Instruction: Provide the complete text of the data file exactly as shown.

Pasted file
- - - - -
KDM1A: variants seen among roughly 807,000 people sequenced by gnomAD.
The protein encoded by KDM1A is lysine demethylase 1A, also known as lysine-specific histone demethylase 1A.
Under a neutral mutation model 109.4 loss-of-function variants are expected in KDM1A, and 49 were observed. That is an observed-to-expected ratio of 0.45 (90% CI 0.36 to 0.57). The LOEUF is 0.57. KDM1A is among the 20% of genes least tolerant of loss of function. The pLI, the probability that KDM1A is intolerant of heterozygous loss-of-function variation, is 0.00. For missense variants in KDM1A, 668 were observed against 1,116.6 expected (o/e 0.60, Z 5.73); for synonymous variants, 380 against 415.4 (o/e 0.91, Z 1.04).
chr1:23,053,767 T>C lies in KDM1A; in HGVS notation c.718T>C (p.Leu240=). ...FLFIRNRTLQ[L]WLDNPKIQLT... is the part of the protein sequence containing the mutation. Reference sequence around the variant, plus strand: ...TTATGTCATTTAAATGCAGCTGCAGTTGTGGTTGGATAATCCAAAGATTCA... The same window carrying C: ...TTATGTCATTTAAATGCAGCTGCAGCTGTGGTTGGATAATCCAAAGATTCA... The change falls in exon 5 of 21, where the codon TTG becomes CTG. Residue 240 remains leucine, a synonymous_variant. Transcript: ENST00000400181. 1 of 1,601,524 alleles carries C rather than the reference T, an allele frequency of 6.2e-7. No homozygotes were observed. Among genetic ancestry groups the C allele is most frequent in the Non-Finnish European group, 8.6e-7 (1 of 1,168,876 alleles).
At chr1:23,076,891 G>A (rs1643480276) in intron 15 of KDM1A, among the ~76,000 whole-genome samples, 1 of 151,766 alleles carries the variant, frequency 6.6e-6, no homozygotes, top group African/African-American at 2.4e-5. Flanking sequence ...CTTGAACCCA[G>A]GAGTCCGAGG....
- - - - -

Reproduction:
KDM1A: variants seen among roughly 807,000 people sequenced by gnomAD.
The protein encoded by KDM1A is lysine demethylase 1A, also known as lysine-specific histone demethylase 1A.
Under a neutral mutation model 109.4 loss-of-function variants are expected in KDM1A, and 49 were observed. That is an observed-to-expected ratio of 0.45 (90% CI 0.36 to 0.57). The LOEUF is 0.57. KDM1A is among the 20% of genes least tolerant of loss of function. The pLI, the probability that KDM1A is intolerant of heterozygous loss-of-function variation, is 0.00. For missense variants in KDM1A, 668 were observed against 1,116.6 expected (o/e 0.60, Z 5.73); for synonymous variants, 380 against 415.4 (o/e 0.91, Z 1.04).
chr1:23,053,767 T>C lies in KDM1A; in HGVS notation c.718T>C (p.Leu240=). ...FLFIRNRTLQ[L]WLDNPKIQLT... is the part of the protein sequence containing the mutation. Reference sequence around the variant, plus strand: ...TTATGTCATTTAAATGCAGCTGCAGTTGTGGTTGGATAATCCAAAGATTCA... The same window carrying C: ...TTATGTCATTTAAATGCAGCTGCAGCTGTGGTTGGATAATCCAAAGATTCA... The change falls in exon 5 of 21, where the codon TTG becomes CTG. Residue 240 remains leucine, a synonymous_variant. Transcript: ENST00000400181. 1 of 1,601,524 alleles carries C rather than the reference T, an allele frequency of 6.2e-7. No homozygotes were observed. Among genetic ancestry groups the C allele is most frequent in the Non-Finnish European group, 8.6e-7 (1 of 1,168,876 alleles).
At chr1:23,076,891 G>A (rs1643480276) in intron 15 of KDM1A, among the ~76,000 whole-genome samples, 1 of 151,766 alleles carries the variant, frequency 6.6e-6, no homozygotes, top group African/African-American at 2.4e-5. Flanking sequence ...CTTGAACCCA[G>A]GAGTCCGAGG....